‘Take research data management seriously and organize discipline specific support’

'The technologies and the volume of data we can generate – that’s really changing in the field of molecular life sciences.'

11/26/2018 | 1:58 PM

“I hired the right person at the right time”, says Prof. Bas Teusink , Scientific Director of the Amsterdam Institute for Molecules, Medicines and Systems (AIMMS). Bas Teusink Uitsnede His institute was founded in 2010 on the back of major breakthroughs in the fields of molecular, cellular and systems biology. Recently, rapid changes in the pace of data acquisition and data volume in this field asked for the hiring of a dedicated Research Data Manager.

Why has data management become so important in your field?
“At AIMMS our focus is on molecular life sciences – the study of molecules in living systems, of how molecules affect living systems, and of the molecular mechanisms of how drugs work, how toxic compounds work, and how cells work. For biologists, the generation of data is getting less and less labor-intensive, and the interpretation of the data is getting more and more complicated.

Does this mean that researchers need to acquire new skills?
“Yes, bioinformatics, data analysis, and data science are becoming more and more prominent in biology and also in chemistry. It would be a good idea for any bachelor programme in the life sciences to include proper data management, data science, and a little bit of programming and maybe bioinformatics in the curriculum. We’re developing such courses for the bachelor students of the Faculty (of Science).”

Why did you think a dedicated research data manager was needed?
“People in the life sciences community have been talking a lot about the importance of Research Data Management (RDM). When you think about biobanks and other types of big data collections, it is obvious that you have to sort out your data management, but what about a PhD student doing simple experiments in the lab using Excel to process data? How do we help them? As a Principal Investigator, I have no idea how to instruct my students in RDM. I’m not an expert. So I needed support. I needed somebody who actually has the time to look up what tools are available and who can translate general policies and general infrastructure into daily practical solutions that fit our local needs. There’s a huge gap between policy and implementation for people doing the daily work. We need discipline specific support and we need hands-on help.”

What skills did you look for in a data manager?
“I wanted somebody who understands our field of work, who understands the data management side of things, and who also understands the technologies.”

Was it difficult to find the right person for the job?
“I happened to have Brett Olivier in my group and I could convince management that research data support was worth the investment. Brett is a biochemist with a strong theoretical background, but he also knows how to do experiments, so he can talk with everybody. He has also moved into programming and writing scientific software. Having this technical background means he can talk with people in IT. So he is the perfect guy.”

How is this position financed?
“We have found a pragmatic way of financing Brett’s position. And that is by project money.  When we write a project proposal, if the funders find data management important, we budget a certain amount for data management, say 20K. If we get 5 projects, then we can afford a data manager just from project money. So far I’ve been able to fund Brett almost completely from my own projects.”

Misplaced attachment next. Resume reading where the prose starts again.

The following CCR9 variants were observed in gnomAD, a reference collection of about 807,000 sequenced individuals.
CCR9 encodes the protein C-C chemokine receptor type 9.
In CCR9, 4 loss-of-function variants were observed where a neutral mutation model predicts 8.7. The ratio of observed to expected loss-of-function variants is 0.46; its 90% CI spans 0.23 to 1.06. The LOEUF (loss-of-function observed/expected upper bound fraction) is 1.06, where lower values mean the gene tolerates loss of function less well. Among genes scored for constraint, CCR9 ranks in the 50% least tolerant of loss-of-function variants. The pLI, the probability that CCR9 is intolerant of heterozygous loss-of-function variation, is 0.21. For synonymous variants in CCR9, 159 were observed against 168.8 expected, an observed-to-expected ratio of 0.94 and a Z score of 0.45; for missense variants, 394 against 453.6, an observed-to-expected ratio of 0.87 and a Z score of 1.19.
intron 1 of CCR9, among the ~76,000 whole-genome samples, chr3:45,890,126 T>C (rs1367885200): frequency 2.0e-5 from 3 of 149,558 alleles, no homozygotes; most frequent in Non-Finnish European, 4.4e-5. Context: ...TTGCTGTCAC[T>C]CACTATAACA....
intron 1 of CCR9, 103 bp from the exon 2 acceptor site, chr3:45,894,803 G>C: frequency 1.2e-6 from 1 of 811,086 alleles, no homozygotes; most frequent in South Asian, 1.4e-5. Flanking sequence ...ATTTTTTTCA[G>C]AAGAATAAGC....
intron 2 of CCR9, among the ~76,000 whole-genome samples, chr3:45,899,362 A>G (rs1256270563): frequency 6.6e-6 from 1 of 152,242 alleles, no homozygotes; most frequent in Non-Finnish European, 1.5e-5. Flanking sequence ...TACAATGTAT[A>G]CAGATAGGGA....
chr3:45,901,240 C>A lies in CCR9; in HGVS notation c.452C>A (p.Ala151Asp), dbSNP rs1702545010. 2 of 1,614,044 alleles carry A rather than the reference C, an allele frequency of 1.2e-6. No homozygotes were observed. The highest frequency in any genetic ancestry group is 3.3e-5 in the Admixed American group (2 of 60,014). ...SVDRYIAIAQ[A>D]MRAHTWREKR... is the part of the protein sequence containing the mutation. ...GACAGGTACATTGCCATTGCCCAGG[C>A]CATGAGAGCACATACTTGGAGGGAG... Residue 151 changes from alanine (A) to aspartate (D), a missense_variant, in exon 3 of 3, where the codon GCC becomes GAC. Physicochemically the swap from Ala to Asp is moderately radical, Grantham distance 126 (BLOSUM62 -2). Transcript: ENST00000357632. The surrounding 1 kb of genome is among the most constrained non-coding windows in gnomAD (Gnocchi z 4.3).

Is this funding model sustainable?
“I think it shouldn’t be difficult to finance somebody with this model for the long term. The university or the institute will have to take the risk, of course. If the money doesn't come in, if the projects are not funded, then somebody has to pay the salary of the data manager. What is interesting with this model is that the chance of getting your project funded increases, because research data management is being taken more and more seriously by the funding agencies.”

What is Brett doing in concrete terms?
“He writes the Data Management Plans (DMPs) for project proposals and supports their implementation. He has been actively involved in the piloting and implementation of a new data management platform with AIMMS researchers. Brett has developed encoding standards for computational models of biological systems. Because of that, he knows how important it is to annotate data using appropriate ontologies and thereby making them more FAIR (Findable, Accessible, Interoperable and Reusable). Many scientists don’t know what an ontology is, let alone use it. Brett will address this and related RDM issues by providing advice on what the current best standards, tools and practices are in the field.”
“Well implemented data strategies can contribute to the quality and efficiency of a research project.”
Brett Olivier  AIMMS Research Data Manager, Brett Olivier, about his work.

What is the biggest challenge for you?

“I think the biggest challenge is to change people’s (negative) perception of RDM. It is often seen as ‘ yet another administrative task that costs money’. In fact, well implemented data strategies can contribute to both the quality and efficiency of a research project.”

What kind of help researchers ask you most?
“At the moment …The formulation of RDM plans (particularly with regard to storage and metadata) and help with the archiving of data for pre-submission publication.”

The University Library’s Research Data Services
The UL’s Research Data Services department supports researchers and students during the entire data lifecycle, from their initial research plan up to the archiving of the results. We offer information, advice, training and practical support .

This article is written by Maria (Marques de Barros) Cruz , VU Community Manager Research Data Management, 15 November 2018